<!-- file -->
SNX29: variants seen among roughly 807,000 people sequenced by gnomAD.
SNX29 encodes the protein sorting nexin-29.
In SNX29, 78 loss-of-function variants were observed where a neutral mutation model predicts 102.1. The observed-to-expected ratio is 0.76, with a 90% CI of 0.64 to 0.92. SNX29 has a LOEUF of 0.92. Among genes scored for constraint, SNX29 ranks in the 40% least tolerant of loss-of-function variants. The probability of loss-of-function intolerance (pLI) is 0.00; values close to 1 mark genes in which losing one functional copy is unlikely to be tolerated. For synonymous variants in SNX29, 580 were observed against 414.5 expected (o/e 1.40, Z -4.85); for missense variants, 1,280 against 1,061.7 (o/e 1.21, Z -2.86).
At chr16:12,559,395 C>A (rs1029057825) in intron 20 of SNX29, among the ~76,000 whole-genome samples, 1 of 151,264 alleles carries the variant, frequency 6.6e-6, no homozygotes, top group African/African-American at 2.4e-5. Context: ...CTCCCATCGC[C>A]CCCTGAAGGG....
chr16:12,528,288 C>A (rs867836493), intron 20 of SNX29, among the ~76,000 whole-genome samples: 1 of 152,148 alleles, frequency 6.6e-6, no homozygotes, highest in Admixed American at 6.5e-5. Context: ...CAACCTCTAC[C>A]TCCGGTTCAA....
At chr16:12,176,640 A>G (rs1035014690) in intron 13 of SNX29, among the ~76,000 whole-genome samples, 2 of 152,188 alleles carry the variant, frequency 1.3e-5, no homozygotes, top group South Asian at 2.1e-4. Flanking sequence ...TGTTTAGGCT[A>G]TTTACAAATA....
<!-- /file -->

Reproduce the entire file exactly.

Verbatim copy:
SNX29: variants seen among roughly 807,000 people sequenced by gnomAD.
SNX29 encodes the protein sorting nexin-29.
In SNX29, 78 loss-of-function variants were observed where a neutral mutation model predicts 102.1. The observed-to-expected ratio is 0.76, with a 90% CI of 0.64 to 0.92. SNX29 has a LOEUF of 0.92. Among genes scored for constraint, SNX29 ranks in the 40% least tolerant of loss-of-function variants. The probability of loss-of-function intolerance (pLI) is 0.00; values close to 1 mark genes in which losing one functional copy is unlikely to be tolerated. For synonymous variants in SNX29, 580 were observed against 414.5 expected (o/e 1.40, Z -4.85); for missense variants, 1,280 against 1,061.7 (o/e 1.21, Z -2.86).
At chr16:12,559,395 C>A (rs1029057825) in intron 20 of SNX29, among the ~76,000 whole-genome samples, 1 of 151,264 alleles carries the variant, frequency 6.6e-6, no homozygotes, top group African/African-American at 2.4e-5. Context: ...CTCCCATCGC[C>A]CCCTGAAGGG....
chr16:12,528,288 C>A (rs867836493), intron 20 of SNX29, among the ~76,000 whole-genome samples: 1 of 152,148 alleles, frequency 6.6e-6, no homozygotes, highest in Admixed American at 6.5e-5. Context: ...CAACCTCTAC[C>A]TCCGGTTCAA....
At chr16:12,176,640 A>G (rs1035014690) in intron 13 of SNX29, among the ~76,000 whole-genome samples, 2 of 152,188 alleles carry the variant, frequency 1.3e-5, no homozygotes, top group South Asian at 2.1e-4. Flanking sequence ...TGTTTAGGCT[A>G]TTTACAAATA....